By Saleha Mohsin
(Bloomberg) — When Luke Rickert first started as an engineer at Aker Solutions ASA in Oslo, a Norwegian oil services provider, his team of 24 had people from 15 different countries.
People from the U.S. to India, Brazil, Portugal and dozens of other countries came to fill a shortage of skilled workers in Norway’s booming petroleum industry. They were lured by $20,000 relocation packages, high salaries and the nation’s fabled home and work balance. They helped Norway turn oil into cash that created the world’s largest sovereign wealth fund. Now, with crude prices low and Norway facing the biggest drop in oil investments since 2000, the nation risks being drained of that expertise.
“They’re going to lose a lot of trained, experienced engineers,” the 39-year-old Seattle native said in a Sept. 7 interview. Rickert was among the 500 job cuts Aker Solutions announced last week. Many of those are foreigners on specialist visas requiring secure jobs for renewal, and who don’t qualify for unemployment benefits. “That means we’re all just going to leave.”
Falling investments and a 52 percent drop in the price of Brent crude in the last year has left Norway trying to dodge a recession. The number of notifications of dismissals and layoffs has grown to 36,000 in the past year, including more than 20,000 just in the oil sector, according to the Norwegian Labor and Welfare Administration. That’s the highest since at least 2009.
While unemployment remains enviably low at 4.5 percent, it’s the highest in at least 11 years. But that figure won’t provide the most accurate reading of jobs lost as foreigners leave the country.
Growth is already stagnating. Norway’s mainland economy, which excludes oil, gas and shipping, grew 0.2 percent in the second quarter. The central bank in June cut rates to a record low and signaled as much as a 70 percent chance of another reduction this autumn.
The Norwegian krone has plunged 30 percent against the dollar over the past 12 months and declined 12 percent versus the euro.
“The oil industry is no longer active,” said Frank Bersvendsen, head of Jobsconnect in Norway, a recruitment agency. During the half-decade long petroleum boom, Jobsconnect held fairs in countries including Iceland and Portugal, hiring as many as 15 people at a time to work in Norway, he said. That “importing” of workers to fill a shortage in the oil sector has come to a halt, he said.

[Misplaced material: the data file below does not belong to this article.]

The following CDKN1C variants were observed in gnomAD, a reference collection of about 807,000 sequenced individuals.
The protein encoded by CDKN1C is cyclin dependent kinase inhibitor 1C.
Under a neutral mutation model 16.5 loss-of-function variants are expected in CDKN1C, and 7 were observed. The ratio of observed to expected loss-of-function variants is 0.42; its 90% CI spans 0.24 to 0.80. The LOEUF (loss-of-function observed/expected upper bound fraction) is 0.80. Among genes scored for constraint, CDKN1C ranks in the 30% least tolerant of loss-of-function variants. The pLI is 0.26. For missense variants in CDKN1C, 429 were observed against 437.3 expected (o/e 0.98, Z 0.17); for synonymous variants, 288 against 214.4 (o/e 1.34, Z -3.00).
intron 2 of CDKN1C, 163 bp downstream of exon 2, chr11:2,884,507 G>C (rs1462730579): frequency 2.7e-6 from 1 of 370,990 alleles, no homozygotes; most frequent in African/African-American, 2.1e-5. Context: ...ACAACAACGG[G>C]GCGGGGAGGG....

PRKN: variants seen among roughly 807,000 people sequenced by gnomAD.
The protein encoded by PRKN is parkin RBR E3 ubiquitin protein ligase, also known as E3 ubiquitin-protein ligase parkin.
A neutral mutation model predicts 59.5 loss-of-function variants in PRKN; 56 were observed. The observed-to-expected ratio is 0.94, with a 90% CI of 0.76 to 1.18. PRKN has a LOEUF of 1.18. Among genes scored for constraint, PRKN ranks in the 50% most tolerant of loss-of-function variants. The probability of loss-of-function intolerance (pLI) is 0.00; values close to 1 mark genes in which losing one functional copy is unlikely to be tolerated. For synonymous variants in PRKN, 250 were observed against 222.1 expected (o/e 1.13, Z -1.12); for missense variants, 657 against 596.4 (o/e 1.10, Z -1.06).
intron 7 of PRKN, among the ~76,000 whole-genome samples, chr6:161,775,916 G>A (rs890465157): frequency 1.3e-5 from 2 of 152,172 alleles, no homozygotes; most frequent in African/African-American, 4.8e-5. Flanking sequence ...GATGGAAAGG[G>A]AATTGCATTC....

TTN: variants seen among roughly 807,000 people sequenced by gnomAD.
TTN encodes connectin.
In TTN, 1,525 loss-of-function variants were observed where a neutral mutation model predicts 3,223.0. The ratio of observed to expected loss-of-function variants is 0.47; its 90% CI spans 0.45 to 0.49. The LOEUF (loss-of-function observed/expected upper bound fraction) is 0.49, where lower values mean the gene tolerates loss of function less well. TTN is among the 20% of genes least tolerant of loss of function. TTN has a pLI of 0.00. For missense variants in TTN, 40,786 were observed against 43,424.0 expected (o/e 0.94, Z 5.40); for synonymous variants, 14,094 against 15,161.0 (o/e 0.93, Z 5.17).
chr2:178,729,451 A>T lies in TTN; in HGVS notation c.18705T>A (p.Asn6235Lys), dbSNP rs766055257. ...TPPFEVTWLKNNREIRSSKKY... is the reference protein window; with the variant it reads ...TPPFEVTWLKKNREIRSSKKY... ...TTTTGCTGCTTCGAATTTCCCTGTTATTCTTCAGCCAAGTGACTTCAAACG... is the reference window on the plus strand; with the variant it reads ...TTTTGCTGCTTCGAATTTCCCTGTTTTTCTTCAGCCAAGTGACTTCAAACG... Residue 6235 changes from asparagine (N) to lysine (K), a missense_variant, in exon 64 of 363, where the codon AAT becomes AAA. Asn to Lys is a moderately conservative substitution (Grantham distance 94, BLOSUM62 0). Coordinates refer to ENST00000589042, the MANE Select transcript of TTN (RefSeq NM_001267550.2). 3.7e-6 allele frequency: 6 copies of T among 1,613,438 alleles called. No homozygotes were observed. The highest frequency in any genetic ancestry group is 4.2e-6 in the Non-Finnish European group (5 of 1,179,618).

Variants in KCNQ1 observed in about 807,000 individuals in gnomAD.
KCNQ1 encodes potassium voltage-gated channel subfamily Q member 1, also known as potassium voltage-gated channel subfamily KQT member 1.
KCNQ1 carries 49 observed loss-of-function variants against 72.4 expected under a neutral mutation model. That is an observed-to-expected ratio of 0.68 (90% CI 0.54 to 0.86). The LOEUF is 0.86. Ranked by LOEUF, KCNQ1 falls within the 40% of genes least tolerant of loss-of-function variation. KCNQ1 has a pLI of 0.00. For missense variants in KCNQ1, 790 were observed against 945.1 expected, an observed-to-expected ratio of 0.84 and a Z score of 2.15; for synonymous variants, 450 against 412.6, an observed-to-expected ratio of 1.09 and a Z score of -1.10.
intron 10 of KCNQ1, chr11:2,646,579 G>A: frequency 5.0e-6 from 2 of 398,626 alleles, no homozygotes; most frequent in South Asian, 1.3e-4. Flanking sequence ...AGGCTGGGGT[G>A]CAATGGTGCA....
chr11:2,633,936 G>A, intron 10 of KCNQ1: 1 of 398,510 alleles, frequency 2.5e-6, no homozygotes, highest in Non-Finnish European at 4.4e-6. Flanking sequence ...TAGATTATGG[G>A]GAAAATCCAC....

Net migration has dropped 20 percent so far this year after falling the same amount in 2014, according to Statistics Norway. The central bank sees it plunging 36 percent by 2018, from a peak in 2012, it said in it’s June monetary policy report. That “will reduce the economy’s growth potential,” Norges Bank said.
The nation’s reliance on oil has increased since 2000, with the number of oil-related jobs doubling to 300,000, according to the central bank. More than half of those were filled by workers from outside of Norway, the bank said. Norway now relies on petroleum for half its exports and for one in nine jobs.
Norway Prime Minister Erna Solberg is ready to tap the nation’s oil wealth to stop the economy hemorrhaging jobs. She has promised a budget proposal for 2016 that includes a “sharp increase” in funding for measures to create new jobs for unemployed oil engineers, according to a local media report.
Unions are calling for action sooner. “We can not sit and wait while unemployment rises and our world leading offshore expertise disappears for good,” Arve Bakke, head of the Norwegian United Federation of Trade Unions, said in a statement Thursday.
Norway is also counting on its biggest offshore project in decades to buoy the industry. The Johan Sverdrup field in the North Sea, which holds as much as 2.9 billion barrels of oil, is due to start production in 2019.
People in Norway, Europe’s second-richest nation per capita after Luxembourg, are paid $60,000 a year on average and have some of the developed world’s shortest work days, according to Statistics Norway and the Organization for Economic Cooperation and Development data. With a population of 5.2 million, residents get publicly funded health care, practically free education and as much as 14 months paid parental leave.
“I had planned to stay for six months, but I liked it here,” said Giles Eaton, who moved in 2012 and is a consultant engineer in Oslo. The Briton, who has two kids, said the country’s family-friendly lifestyle was a key factor in staying.
As companies adjusted to low oil prices, Eaton has had to accept a 10 percent pay cut and is now “apprehensive” about what will happen when his contract with Aker Solutions expires in January. “It’s looking quite bleak.”
Norway offers generous unemployment benefits, which are meant to help the nation fight-off a slowdown, but those don’t apply to everyone. Rickert has a specialist labor visa and Eaton is registered in the U.K’s national insurance scheme. That means they miss out on payments of as much as 62 percent of gross income for up to two years.
“This just never crossed my mind — that I could be in this position,” Rickert said. “It makes it very easy to leave.”
©2015 Bloomberg News